sea_heartbreak_310_438_sOne of the quirks of Performance Poetry is to speak from the heart; and if a word or phrase brings to mind an image then such matters need to be voiced. It seems this spontaneous combustion of language happened to Les Wick’s in his composition The Sea of Heartbeak (Unexpected Resilience), as, I can only suppose, he wants to paint a familiar metaphor but at the word ‘heart’ falters and sees a bird’s beak instead of the more painful realisation inherent in ‘break’. In this sea inside Wick’s, the waters are rough but expertly thwart by denial. Wicks has come up with a strategy it seems, in overcoming disappointment. ‘Love hurts but it can be cured’, he says, ‘divine then dive’. It’s not apathy but a gung-ho battle of wits to demystify romantic demonstrations. ‘Seems even harmony is a habit’ writes Wicks, the trick being, it seems, to believe in something besides the obvious, to ‘riot in the empty’.

With six sections dividing the poems in The Sea of Heartbeak, the labour of love is an odyssey buoyed by hope and reckless humour. ‘Lament ruthlessly’ suggests Wicks and the ‘new lyricism’ will be a ‘walk in wonder’ with ‘the heart in there somewhere/ but hardly worth the mess’. From a cemetery to a forest of trees, past a ruler of three winds to a bay disassociated from others, the journey is a ride in strange lands where matters of the flesh are the only reminders of life as a heart-beat or ‘a silenced chick’. ‘Got nothing this year/ just what I wanted’ remarks Wicks in “On the Nature of Wickedness and Plums” and it’s not humour this time but a cunning to outfox hope’s opposition, despair. With history directly behind us, there’s ‘barely a cloud says the weatherman’ and ‘christmas is dead, /right on schedule’. This poem, wedged midway on our journey from cemetery to ‘yawning daffodils’ purports a selfhood wounded by the past, uncertain of a future but glad of company. ‘Cats snigger in the shade/ But I’m smiling and silly is my key’. This, it seems, is the unexpected resilience finding its way through the stodge of misfortune, the wickedness and plums.

The poetry in this collection is aptly both surface and depth at once, both performance verse and poetic literature. If, as Les Wicks tells us, he is the ‘afterthought of birds’ then the voice, for its sing-song quietude is authentic. There is an irony to Wick’s poetry for though he is rioting about his own life, caring less for this, sparing thoughts to regard that, his poems are peaceful musings close to scores for a whistle. Towards the end of the collection he suggests we are blundering in our dialogues and need to go ‘back into the wood’. That this is the perpetual cycle of life, a back and forth movement like the tides is, for Wicks, the consolation that keeps his spirit joyous, albeit a fence-sitter. There is a lot of ‘flapping’, ‘smiling’, ‘tinkling’ and physicality in the poems that succeeds in achieving a sense of their immanence. They are restless, balletic and seemingly wanting lift off though authored by a smiling hopeful, know better than to leave. There is a ‘silence beyond glance’ says Wicks and in spite of the frivolous tumbling, walkabouts and fleeing from love, the poems have not forgotten the gravity of the very substance they choose to shut out: love through a window pane than behind a closed door. Of course, lest we forget, this is poetry.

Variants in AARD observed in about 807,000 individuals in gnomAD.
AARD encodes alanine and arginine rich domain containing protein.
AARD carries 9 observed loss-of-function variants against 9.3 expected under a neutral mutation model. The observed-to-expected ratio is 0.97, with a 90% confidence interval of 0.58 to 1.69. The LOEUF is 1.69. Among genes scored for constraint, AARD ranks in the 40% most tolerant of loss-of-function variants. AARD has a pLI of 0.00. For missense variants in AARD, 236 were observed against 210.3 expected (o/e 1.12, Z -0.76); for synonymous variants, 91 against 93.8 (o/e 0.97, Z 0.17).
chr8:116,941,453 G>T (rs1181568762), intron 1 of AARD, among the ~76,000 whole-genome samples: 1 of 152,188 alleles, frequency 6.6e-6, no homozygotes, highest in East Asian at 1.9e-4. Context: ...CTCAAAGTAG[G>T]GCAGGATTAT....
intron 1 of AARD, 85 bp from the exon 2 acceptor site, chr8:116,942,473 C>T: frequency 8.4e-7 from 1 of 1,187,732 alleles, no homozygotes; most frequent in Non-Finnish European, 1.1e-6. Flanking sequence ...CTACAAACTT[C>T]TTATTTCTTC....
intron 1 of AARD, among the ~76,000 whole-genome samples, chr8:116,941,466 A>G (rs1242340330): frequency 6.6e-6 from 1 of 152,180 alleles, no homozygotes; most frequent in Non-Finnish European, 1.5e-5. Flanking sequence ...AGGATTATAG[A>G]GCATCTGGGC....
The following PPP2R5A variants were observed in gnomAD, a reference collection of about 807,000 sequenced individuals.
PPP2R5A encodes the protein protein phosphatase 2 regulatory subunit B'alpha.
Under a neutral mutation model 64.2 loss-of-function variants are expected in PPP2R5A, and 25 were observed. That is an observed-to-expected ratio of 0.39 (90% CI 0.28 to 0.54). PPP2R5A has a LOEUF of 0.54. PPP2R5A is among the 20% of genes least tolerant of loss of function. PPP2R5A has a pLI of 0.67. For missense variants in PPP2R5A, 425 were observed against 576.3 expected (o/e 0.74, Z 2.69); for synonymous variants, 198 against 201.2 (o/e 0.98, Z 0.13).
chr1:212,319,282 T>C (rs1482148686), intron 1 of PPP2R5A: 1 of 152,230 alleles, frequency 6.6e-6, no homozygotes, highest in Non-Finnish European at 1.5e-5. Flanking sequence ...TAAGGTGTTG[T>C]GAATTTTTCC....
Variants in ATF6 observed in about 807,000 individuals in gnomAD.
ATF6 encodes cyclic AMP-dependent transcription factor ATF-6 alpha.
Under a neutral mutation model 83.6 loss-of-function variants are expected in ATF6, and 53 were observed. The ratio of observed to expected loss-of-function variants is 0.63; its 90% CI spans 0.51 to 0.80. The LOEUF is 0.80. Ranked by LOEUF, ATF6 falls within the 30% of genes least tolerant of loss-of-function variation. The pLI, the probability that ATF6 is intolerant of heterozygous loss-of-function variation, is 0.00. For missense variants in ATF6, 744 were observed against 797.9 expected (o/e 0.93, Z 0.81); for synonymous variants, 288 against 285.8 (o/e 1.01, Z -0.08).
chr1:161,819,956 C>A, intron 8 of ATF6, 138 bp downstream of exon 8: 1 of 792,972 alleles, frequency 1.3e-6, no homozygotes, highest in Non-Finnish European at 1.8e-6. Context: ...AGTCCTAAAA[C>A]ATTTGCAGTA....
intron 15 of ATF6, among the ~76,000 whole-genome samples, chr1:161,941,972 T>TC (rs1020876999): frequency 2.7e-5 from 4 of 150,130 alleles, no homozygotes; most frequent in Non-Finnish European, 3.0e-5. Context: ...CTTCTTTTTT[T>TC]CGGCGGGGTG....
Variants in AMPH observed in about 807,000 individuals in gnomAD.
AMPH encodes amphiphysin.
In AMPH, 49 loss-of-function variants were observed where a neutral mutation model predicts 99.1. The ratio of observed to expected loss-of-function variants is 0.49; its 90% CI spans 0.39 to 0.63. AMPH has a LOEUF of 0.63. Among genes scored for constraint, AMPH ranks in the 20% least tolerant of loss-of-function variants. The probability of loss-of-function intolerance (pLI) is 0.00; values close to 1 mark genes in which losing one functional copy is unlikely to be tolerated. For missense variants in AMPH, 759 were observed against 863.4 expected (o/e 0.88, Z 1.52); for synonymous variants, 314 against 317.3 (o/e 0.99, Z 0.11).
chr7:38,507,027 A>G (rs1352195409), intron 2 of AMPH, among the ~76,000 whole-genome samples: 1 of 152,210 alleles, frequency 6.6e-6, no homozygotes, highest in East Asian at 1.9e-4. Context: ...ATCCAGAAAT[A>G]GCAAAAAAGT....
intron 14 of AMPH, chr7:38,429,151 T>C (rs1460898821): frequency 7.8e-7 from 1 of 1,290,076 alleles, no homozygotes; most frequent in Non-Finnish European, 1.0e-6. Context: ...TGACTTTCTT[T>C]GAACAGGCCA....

They call Les Wicks a “stage” and “page” poet and for the purposes of this review, considering the latter, I can attest to this being an actual fact. Although there is nothing stylistically outlandish or radical about the poetry in The Sea of Heartbeak (which one would suppose a “page” poet would strive to accomplish) there is the expected attendance to rhythm, syntax and grammar for all their respective traditions and creative potentials. The poems are all left to right on the far left of the page, which I hasten to add, is not, these days, stating the obvious. Aside from this however, they are unique compositions that capitalise letters when required, italicise accordingly and arrange stanzas in the usual fashion. I am pointing this out by way of emphasising just how much of a “page” poet Wicks is…though the honesty of the language, the stop, starting you see best explained by ‘heart’ (stop) ‘beak’, is where the stage is envisioned comfortably. Wick’s poetry has a beat, a steady, unrelenting beat that pauses only when acknowledging another presence- a dog or woman, cloud nine or a’ holy man’s chant’. Phrases such as ‘Love you as the stars cave in’, cram the collection with playfulness and childlike innocence (‘that suddenly purposeful possum’) and appear as welcome antidotes to more despairing realities such as death or a heat-wave leaving ‘eucalypts inflamed, mangy’.